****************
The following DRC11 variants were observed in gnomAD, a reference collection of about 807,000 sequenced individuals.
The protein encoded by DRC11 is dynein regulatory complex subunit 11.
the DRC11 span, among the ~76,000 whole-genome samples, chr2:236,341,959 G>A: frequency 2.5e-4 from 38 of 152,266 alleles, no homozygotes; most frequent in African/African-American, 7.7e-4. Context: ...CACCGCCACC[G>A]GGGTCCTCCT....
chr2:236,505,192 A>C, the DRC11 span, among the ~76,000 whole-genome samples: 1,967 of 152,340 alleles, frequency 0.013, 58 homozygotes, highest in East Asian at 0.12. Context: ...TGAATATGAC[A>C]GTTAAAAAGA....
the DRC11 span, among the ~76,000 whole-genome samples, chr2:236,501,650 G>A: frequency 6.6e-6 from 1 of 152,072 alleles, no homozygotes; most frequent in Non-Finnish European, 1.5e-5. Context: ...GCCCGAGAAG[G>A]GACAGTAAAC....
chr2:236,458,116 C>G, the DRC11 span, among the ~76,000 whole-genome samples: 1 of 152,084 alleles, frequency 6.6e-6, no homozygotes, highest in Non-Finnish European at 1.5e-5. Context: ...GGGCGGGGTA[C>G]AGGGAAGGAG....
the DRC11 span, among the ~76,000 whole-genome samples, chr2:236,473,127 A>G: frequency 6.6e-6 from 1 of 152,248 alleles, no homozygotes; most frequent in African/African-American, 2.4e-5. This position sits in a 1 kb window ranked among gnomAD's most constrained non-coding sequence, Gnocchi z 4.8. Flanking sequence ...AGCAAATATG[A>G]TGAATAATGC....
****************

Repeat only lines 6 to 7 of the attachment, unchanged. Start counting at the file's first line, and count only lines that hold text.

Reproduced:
chr2:236,458,116 C>G, the DRC11 span, among the ~76,000 whole-genome samples: 1 of 152,084 alleles, frequency 6.6e-6, no homozygotes, highest in Non-Finnish European at 1.5e-5. Context: ...GGGCGGGGTA[C>G]AGGGAAGGAG....
the DRC11 span, among the ~76,000 whole-genome samples, chr2:236,473,127 A>G: frequency 6.6e-6 from 1 of 152,248 alleles, no homozygotes; most frequent in African/African-American, 2.4e-5. This position sits in a 1 kb window ranked among gnomAD's most constrained non-coding sequence, Gnocchi z 4.8. Flanking sequence ...AGCAAATATG[A>G]TGAATAATGC....